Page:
Twenty years ago, the Institute of Medicine published its seminal report, To Err Is Human, examining the number of medical errors that occur annually in the United States and the root causes behind them.
Two decades later, all of healthcare—including radiology—is still wrestling with this problem and how to minimize it.
“Even with the tremendous advancements in radiology science, an increased understanding of what disease looks like, and greater education of radiology knowledge, we still have a persistent error rate that’s at least 3%,” says Michael Bruno, MD, vice chair for quality and chief of emergency radiology at Penn State University. “It’s very stubborn and won’t go away.”
With mistakes still occurring in the industry, providers need to know how to address them and, potentially, minimize the risk that they’ll happen again in the future.
Why mistakes happen
Part of the difficulty in combatting errors, Bruno says, is that it’s impossible to stop them from occurring overall. Radiologists are human, and each one will eventually make a mistake. Reducing that 3% error rate is also hard because mistakes happen for a wide variety of reasons.
According to Richard Gunderman, MD, PhD, Chancellor’s Professor at Indiana University School of Medicine, fatigue from working too long or too intensely can cause radiologists to make mistakes, or they could be distracted by phone calls or frequent interruptions. In some cases, a radiologist could make errors because they’re asked to interpret and render a diagnosis on an abnormality that lies just outside their zone of expertise.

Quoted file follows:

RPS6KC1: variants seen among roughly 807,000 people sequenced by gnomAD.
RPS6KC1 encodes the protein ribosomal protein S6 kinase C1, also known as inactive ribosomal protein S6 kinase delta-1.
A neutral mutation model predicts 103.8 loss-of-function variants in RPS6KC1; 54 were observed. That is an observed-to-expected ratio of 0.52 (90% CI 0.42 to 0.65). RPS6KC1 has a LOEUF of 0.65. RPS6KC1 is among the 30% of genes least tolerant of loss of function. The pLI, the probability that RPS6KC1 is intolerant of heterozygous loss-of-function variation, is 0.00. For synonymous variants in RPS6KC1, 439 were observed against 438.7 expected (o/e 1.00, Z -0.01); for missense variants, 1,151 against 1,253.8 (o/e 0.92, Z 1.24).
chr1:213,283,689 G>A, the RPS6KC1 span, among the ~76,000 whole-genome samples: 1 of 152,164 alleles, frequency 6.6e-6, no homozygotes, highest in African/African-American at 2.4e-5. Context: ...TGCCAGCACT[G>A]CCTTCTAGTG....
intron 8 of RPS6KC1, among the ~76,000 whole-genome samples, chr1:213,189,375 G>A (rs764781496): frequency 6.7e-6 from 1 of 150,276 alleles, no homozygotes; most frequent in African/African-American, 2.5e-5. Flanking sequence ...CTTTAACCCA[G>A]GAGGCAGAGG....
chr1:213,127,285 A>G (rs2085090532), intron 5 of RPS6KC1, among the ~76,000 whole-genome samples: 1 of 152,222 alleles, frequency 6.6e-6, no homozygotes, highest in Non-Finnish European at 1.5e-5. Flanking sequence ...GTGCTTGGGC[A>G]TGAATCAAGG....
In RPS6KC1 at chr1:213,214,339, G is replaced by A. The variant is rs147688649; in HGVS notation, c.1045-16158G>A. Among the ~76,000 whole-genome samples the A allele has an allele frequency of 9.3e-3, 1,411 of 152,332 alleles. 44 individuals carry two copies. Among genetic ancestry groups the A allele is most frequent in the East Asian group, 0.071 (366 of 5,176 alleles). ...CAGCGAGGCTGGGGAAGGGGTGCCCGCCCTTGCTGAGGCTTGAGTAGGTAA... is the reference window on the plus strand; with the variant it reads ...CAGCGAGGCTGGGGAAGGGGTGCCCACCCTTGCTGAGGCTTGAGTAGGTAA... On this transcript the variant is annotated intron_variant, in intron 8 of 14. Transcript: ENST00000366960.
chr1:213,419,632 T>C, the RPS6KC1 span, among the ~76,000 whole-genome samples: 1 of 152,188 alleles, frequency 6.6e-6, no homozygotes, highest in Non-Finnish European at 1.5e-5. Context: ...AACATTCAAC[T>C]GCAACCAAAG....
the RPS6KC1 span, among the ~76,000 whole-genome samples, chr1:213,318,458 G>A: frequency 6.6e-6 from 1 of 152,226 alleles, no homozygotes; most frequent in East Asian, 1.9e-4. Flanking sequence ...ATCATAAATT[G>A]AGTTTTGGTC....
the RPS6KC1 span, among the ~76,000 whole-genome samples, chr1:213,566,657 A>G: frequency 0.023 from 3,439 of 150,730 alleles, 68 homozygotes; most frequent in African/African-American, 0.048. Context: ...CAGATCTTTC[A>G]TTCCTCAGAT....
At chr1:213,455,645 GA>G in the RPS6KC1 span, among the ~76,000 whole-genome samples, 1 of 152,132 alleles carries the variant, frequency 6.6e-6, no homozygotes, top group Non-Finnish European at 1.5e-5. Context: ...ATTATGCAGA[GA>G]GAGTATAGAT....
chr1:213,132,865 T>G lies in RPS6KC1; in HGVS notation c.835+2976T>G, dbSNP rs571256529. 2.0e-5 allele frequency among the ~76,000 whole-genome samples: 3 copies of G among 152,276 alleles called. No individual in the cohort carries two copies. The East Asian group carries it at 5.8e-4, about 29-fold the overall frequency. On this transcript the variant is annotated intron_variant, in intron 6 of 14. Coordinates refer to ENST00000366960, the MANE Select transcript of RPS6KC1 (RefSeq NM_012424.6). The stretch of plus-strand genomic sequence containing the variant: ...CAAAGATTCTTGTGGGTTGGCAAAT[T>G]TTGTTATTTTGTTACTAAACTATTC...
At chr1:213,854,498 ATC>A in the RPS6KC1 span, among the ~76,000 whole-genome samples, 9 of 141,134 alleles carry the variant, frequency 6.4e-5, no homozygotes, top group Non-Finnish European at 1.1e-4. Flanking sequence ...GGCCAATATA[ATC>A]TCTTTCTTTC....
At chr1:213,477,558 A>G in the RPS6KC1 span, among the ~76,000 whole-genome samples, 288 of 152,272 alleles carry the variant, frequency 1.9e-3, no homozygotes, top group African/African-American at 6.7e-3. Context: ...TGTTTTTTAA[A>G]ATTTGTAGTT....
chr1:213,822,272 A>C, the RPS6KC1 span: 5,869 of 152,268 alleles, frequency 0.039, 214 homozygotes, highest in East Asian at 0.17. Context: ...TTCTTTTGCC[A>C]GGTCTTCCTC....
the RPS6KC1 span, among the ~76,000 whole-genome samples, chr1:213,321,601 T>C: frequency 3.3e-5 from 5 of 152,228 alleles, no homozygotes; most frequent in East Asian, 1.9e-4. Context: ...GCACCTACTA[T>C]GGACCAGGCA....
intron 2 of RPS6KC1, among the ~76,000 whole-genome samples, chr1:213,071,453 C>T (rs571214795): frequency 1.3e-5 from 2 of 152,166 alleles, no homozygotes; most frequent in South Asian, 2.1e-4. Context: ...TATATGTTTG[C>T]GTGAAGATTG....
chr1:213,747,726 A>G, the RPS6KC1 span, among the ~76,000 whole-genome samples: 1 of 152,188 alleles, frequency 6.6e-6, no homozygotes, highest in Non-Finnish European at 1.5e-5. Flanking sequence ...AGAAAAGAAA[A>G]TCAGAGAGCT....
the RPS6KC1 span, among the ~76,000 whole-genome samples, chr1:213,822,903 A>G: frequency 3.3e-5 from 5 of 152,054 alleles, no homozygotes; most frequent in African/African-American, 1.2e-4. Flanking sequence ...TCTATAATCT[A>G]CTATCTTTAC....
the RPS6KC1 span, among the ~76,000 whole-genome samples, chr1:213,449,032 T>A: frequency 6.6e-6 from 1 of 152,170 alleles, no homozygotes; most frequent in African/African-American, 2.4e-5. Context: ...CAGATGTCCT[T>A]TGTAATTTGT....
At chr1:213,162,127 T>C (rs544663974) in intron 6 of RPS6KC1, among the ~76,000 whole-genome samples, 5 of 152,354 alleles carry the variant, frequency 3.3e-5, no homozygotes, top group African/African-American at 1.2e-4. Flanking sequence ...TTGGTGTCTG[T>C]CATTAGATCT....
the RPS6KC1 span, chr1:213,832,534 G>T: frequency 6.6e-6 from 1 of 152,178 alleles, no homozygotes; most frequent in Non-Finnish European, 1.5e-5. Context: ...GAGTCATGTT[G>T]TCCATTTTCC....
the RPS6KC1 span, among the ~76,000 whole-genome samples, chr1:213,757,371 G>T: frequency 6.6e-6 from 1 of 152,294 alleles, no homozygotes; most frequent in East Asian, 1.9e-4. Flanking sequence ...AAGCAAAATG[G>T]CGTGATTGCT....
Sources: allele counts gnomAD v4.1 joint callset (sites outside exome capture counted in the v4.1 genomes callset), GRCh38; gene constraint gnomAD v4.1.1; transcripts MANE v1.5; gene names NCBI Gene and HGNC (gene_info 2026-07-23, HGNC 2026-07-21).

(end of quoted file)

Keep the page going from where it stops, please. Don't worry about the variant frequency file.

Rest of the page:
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Under these circumstances, radiologists can make several types of errors. While rare, Bruno says, errors of omission—a missed diagnosis—happen when providers simply don’t see an abnormality because it’s located in an unusual spot or it appears in only one image in the series.
Other mistakes, called “satisfaction of search” errors, occur when a provider overlooks one of two findings present in an image. Even though providers continue to analyze an image after identifying one finding he says, a second, whether obvious or inconspicuous, can be missed.
And, sometimes the fault lies with the organization’s systems and processes rather than with the individual radiologist. Faulty protocols can set a provider up for failure even under the best of circumstances.
What to do when errors occur
After identifying a mistake, whether it’s a diagnostic or reporting error, a provider’s first responsibility is ensuring the patient receives the appropriate care, says Stephen Brown, MD, associate professor of radiology at Boston Children’s Hospital and Harvard Medical School.
After that, he says, start communicating.